The vessel that is to carry the heroes (more or less) safely through their adventures, the ship Argo, was built by Argus through the inspired guidance of the goddess Athena:
The ship, as former bards relate, Argus wrought by the guidance of Athena.
Divine guidance is also to be found in the telling of the tale. The author must call on the power or inspiration of the Muses to ensure that truth be told.
This is always the way of important constructions in the Bible, too. Whether Noah’s ark, or the Tabernacle of Israel and its Ark of the Covenant built by the divinely guided Bezaleel (Ex. 35:30-31), the hand of a divinity is guiding the human hands to make it turn out just right.
See, the LORD hath called by name Bezaleel the son of Uri, the son of Hur, of the tribe of Judah; And he hath filled him with the spirit of God, in wisdom, in understanding, and in knowledge, and in all manner of workmanship; And to devise curious works, to work in gold, and in silver, and in brass, And in the cutting of stones, to set them, and in carving of wood, to make any manner of cunning work. (Exodus 35:30-33)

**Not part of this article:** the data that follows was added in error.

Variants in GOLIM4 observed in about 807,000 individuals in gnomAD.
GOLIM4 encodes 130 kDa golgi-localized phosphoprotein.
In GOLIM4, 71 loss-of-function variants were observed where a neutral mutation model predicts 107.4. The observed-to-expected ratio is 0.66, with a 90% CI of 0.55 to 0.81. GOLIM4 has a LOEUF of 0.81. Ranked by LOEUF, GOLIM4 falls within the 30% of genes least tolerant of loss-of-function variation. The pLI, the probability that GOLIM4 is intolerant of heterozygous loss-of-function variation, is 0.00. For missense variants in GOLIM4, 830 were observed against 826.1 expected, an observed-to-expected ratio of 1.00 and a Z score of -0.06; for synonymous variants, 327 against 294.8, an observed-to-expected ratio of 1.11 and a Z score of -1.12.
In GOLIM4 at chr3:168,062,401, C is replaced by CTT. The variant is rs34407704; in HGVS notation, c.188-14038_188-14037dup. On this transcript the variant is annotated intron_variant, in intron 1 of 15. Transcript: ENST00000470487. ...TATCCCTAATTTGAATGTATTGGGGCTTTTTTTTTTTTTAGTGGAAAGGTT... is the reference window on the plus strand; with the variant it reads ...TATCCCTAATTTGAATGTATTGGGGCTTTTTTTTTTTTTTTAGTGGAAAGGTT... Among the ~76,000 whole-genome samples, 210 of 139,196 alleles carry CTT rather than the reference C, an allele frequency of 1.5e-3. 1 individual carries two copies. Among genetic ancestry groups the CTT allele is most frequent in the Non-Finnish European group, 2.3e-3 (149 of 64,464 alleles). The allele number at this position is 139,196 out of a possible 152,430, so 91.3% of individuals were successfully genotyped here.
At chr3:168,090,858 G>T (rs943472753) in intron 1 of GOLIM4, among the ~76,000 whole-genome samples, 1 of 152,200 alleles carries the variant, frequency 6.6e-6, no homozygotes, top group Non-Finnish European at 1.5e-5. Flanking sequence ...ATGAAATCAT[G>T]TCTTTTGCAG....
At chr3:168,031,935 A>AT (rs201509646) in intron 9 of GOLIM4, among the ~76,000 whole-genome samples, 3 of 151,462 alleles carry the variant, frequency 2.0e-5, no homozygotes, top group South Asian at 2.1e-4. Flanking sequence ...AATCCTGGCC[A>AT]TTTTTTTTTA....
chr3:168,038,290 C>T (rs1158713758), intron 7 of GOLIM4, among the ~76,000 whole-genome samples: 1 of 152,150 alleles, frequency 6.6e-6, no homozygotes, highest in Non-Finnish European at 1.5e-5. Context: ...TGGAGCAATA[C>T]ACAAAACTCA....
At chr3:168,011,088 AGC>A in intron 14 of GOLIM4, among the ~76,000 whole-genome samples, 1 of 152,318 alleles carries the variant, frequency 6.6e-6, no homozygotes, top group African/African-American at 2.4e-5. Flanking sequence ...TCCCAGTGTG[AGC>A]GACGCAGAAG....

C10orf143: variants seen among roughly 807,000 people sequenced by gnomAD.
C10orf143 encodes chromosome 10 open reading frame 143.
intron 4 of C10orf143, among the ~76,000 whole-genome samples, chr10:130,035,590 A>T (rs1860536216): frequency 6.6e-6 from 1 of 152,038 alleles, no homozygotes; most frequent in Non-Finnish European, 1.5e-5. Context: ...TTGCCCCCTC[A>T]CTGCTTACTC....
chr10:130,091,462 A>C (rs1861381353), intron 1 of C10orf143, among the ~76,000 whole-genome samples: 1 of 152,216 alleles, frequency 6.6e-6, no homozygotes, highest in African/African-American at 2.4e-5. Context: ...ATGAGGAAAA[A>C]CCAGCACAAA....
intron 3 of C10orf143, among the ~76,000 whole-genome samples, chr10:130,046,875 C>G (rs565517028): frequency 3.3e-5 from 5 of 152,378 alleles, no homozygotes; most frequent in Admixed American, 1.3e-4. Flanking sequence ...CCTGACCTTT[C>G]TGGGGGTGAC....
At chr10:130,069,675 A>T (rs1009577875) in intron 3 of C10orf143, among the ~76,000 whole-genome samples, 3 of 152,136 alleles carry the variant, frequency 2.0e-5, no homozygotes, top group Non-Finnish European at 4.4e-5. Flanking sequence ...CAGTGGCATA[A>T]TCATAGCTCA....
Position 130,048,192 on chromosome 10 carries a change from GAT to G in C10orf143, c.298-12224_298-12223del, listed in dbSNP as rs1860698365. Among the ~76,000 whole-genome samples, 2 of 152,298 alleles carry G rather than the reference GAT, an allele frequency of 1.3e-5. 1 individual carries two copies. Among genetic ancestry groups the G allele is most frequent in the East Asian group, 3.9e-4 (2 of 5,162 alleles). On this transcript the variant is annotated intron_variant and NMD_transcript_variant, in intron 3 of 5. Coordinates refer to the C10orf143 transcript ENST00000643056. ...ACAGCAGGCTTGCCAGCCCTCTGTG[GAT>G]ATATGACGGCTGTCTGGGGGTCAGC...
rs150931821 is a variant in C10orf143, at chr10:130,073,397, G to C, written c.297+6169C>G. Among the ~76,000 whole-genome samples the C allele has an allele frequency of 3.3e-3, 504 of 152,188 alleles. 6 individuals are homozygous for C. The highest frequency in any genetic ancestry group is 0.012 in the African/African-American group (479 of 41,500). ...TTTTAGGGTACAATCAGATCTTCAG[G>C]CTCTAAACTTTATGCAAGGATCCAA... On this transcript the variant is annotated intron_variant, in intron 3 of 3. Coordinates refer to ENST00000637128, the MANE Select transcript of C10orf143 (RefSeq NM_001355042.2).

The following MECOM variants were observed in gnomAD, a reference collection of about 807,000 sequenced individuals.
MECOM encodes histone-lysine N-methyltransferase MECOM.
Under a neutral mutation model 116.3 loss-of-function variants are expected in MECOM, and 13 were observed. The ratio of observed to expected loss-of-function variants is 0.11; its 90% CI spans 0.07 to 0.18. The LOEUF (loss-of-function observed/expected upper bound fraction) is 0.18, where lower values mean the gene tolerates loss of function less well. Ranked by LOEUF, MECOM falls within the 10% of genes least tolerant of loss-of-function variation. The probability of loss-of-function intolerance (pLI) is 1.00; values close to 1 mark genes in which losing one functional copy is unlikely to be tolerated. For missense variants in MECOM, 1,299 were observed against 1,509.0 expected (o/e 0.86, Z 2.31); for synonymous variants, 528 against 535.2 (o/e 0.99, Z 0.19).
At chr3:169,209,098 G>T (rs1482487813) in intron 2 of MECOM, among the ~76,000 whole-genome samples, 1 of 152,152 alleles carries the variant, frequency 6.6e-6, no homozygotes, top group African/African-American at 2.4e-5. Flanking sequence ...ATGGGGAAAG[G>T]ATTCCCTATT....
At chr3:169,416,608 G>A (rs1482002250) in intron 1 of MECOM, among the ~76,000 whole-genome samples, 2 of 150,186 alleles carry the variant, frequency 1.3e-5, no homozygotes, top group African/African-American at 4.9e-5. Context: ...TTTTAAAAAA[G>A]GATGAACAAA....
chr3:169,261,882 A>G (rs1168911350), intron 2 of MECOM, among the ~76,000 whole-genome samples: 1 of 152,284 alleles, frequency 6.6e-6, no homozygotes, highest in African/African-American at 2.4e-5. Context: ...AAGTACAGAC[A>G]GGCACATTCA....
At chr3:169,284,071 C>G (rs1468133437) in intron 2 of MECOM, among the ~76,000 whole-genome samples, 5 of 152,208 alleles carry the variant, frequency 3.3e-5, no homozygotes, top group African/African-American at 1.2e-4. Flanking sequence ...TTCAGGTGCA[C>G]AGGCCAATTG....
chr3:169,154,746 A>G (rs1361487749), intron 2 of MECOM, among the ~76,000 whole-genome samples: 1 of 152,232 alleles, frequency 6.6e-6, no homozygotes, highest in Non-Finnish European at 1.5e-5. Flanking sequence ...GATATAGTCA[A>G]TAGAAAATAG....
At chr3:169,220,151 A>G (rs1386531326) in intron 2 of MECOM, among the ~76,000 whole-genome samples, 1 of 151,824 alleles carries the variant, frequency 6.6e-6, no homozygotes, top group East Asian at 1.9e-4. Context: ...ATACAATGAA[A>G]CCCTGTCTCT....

And of course we know that the Bible’s books, too, were written under the inspiration or direction of God.
The Argonautica quickly brings readers to the details of every one of the heroes called to participate in the adventure. Around 50 names are listed. (See Argonauts for one list.) But the names are not just telephone book entries. Many of them are explained to be brothers, being introduced in pairs; we learn the parentage of many; and with some we are given inklings of what fate awaits them later in the story; and we are also regaled with past adventures and family histories of a few of them. The special skills and strengths of each are also cited. The detail is astonishing. No human imagination could ever manufacture such personal details of so many unless they were all genuinely historical.
Two of the heroes stand out by the way they come running to Jason. One of these, Acastus, is leaving his father who was responsible for sending Jason on this quest in hope that he would not return. That Acastus should be more devoted to Jason and the glory he promised, than to his own father who was plotting against Jason, serves to enhance his noble character.
True, there are inconsistencies among some of the names in different lists. But willing readers can generally find an explanation for these.